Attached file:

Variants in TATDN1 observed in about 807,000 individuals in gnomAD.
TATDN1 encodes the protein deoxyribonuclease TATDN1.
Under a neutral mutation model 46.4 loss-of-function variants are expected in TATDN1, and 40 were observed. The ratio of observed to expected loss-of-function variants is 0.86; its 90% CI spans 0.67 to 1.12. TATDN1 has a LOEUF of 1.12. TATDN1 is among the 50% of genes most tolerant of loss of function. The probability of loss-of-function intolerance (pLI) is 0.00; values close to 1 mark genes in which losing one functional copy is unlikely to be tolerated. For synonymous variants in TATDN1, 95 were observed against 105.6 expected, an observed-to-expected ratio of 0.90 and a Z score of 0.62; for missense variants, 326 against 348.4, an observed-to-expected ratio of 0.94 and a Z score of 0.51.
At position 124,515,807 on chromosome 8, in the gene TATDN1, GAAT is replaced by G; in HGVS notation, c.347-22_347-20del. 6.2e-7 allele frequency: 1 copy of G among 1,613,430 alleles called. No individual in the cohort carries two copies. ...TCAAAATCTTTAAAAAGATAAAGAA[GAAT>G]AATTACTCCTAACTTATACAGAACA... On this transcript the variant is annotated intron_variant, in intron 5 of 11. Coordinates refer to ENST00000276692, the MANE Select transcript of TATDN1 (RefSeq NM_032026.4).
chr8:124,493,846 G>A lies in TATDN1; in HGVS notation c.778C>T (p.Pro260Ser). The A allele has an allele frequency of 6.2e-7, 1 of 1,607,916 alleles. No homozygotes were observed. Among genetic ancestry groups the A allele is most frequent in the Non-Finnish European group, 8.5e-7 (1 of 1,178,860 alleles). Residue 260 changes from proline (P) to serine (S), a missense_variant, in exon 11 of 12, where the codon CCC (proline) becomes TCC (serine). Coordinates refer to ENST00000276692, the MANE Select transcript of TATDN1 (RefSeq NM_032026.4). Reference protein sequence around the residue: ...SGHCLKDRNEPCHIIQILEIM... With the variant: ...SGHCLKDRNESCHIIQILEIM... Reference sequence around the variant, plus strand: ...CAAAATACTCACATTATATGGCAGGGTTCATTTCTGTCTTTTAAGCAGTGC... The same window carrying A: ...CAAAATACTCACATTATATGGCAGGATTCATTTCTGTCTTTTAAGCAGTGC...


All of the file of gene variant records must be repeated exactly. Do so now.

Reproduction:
Variants in TATDN1 observed in about 807,000 individuals in gnomAD.
TATDN1 encodes the protein deoxyribonuclease TATDN1.
Under a neutral mutation model 46.4 loss-of-function variants are expected in TATDN1, and 40 were observed. The ratio of observed to expected loss-of-function variants is 0.86; its 90% CI spans 0.67 to 1.12. TATDN1 has a LOEUF of 1.12. TATDN1 is among the 50% of genes most tolerant of loss of function. The probability of loss-of-function intolerance (pLI) is 0.00; values close to 1 mark genes in which losing one functional copy is unlikely to be tolerated. For synonymous variants in TATDN1, 95 were observed against 105.6 expected, an observed-to-expected ratio of 0.90 and a Z score of 0.62; for missense variants, 326 against 348.4, an observed-to-expected ratio of 0.94 and a Z score of 0.51.
At position 124,515,807 on chromosome 8, in the gene TATDN1, GAAT is replaced by G; in HGVS notation, c.347-22_347-20del. 6.2e-7 allele frequency: 1 copy of G among 1,613,430 alleles called. No individual in the cohort carries two copies. ...TCAAAATCTTTAAAAAGATAAAGAA[GAAT>G]AATTACTCCTAACTTATACAGAACA... On this transcript the variant is annotated intron_variant, in intron 5 of 11. Coordinates refer to ENST00000276692, the MANE Select transcript of TATDN1 (RefSeq NM_032026.4).
chr8:124,493,846 G>A lies in TATDN1; in HGVS notation c.778C>T (p.Pro260Ser). The A allele has an allele frequency of 6.2e-7, 1 of 1,607,916 alleles. No homozygotes were observed. Among genetic ancestry groups the A allele is most frequent in the Non-Finnish European group, 8.5e-7 (1 of 1,178,860 alleles). Residue 260 changes from proline (P) to serine (S), a missense_variant, in exon 11 of 12, where the codon CCC (proline) becomes TCC (serine). Coordinates refer to ENST00000276692, the MANE Select transcript of TATDN1 (RefSeq NM_032026.4). Reference protein sequence around the residue: ...SGHCLKDRNEPCHIIQILEIM... With the variant: ...SGHCLKDRNESCHIIQILEIM... Reference sequence around the variant, plus strand: ...CAAAATACTCACATTATATGGCAGGGTTCATTTCTGTCTTTTAAGCAGTGC... The same window carrying A: ...CAAAATACTCACATTATATGGCAGGATTCATTTCTGTCTTTTAAGCAGTGC...